A late-career job switch may be a boon for a financially secure retirement.
Workers who voluntarily change jobs in their 50s tend to stay in the workforce longer than those who stick with their initial job, according to the Center for Retirement Research at Boston College. According to a new paper, the likelihood of still being in the workforce at age 65 was 9.1 percentage points higher for workers who had changed jobs. (See chart below for breakdown by education.)
"If you're able to find a job that to you seems better and worth a switch, on average at least that seems to lead to longer careers," said co-author Geoffrey Sanzenbacher, a research economist at the Center for Retirement Research.
That's good news, considering that half of workers expect to work at least part time in retirement, according to a 2016 survey from the Transamerica Center for Retirement Studies. For many, that long career is out of necessity: A quarter of workers said they expect to keep working because they need the money, and 30 percent said it's because they can't afford to retire.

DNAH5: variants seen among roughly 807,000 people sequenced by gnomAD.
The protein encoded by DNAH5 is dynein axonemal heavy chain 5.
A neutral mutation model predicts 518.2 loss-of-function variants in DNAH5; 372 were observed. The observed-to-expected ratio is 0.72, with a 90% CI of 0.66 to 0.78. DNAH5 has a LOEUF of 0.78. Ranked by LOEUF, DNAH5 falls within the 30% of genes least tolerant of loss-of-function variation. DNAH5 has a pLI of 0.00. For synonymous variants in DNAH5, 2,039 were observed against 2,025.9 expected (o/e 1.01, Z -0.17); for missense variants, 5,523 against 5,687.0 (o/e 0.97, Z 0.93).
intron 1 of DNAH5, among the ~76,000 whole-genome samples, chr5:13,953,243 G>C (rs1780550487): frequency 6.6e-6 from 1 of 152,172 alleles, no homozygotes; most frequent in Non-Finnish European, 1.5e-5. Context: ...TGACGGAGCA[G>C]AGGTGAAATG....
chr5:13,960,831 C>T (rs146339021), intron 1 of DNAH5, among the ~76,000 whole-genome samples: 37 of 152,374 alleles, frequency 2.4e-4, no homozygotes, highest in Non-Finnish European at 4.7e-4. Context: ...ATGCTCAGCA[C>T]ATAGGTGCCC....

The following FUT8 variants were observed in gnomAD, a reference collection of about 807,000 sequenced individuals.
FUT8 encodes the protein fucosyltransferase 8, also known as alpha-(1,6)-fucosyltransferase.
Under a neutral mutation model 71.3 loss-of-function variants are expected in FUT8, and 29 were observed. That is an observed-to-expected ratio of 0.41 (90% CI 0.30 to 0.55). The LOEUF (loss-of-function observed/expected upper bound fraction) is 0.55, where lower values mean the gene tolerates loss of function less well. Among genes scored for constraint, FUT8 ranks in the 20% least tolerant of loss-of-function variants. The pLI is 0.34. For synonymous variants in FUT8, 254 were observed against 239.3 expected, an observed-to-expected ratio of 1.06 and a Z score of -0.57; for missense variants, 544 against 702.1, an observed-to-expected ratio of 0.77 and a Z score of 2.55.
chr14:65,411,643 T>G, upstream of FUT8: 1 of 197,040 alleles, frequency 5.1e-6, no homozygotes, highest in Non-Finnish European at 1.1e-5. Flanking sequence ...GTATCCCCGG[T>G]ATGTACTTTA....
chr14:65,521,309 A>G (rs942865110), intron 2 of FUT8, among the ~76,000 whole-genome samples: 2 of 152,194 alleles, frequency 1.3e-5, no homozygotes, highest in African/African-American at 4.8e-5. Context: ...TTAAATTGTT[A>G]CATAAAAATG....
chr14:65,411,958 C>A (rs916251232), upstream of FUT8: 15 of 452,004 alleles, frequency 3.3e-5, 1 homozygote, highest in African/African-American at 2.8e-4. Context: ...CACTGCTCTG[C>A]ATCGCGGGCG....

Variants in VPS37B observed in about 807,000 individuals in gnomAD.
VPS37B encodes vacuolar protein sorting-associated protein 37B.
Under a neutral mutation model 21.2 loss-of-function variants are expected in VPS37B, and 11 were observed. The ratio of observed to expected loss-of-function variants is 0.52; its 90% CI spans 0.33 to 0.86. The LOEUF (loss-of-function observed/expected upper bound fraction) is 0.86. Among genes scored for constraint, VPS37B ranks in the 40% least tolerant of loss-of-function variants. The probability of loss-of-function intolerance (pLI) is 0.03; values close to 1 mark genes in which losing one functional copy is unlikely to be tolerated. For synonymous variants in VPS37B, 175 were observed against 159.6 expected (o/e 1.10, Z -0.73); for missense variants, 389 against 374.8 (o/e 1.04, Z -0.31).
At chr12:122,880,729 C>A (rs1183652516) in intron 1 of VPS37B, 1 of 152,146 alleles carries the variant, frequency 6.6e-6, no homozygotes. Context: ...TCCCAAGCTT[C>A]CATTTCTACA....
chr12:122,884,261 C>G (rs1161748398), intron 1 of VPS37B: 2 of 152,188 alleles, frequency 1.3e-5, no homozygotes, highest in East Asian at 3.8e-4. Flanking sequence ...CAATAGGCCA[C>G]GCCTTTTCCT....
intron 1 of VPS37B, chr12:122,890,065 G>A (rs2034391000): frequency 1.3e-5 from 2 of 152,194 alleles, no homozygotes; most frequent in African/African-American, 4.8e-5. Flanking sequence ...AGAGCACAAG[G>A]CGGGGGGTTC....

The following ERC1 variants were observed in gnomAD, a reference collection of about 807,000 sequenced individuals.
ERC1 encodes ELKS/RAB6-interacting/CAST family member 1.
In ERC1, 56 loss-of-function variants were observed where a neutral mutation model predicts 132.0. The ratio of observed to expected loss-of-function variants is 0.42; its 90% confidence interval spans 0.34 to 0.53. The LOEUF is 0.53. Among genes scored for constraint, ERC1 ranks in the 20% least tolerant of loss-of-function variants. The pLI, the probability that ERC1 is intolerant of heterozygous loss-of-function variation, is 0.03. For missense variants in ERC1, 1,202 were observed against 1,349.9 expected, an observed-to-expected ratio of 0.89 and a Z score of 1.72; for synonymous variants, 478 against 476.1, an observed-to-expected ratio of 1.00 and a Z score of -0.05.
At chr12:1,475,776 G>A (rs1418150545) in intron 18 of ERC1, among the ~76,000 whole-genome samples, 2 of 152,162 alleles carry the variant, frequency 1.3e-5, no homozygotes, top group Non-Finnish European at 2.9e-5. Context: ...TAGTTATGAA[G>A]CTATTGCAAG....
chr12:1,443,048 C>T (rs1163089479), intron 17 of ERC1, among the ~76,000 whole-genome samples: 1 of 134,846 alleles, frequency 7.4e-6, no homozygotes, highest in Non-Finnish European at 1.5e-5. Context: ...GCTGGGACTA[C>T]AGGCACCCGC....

Others are looking at their golden years as a chance to do something new. Asked how they "dream" of spending retirement (respondents could pick multiple answers), 13 percent of workers told Transamerica they want to pursue an encore career, 12 percent said continuing to work in the same field and 11 percent said starting a business.
There's always some risk in leaving one job (and a steady paycheck) for a new one that may not pan out — and older workers can face discrimination that can make it tough to land a new gig, said John Challenger, chief executive officer of outplacement consulting firm Challenger, Gray & Christmas.
But the current job market is good for those considering a leap. Unemployment is low, he said, and there are also more part-time and consulting job roles available for workers who want flexibility in their encore career.
"It's a way better time to take that chance now than say, five years ago," Challenger said.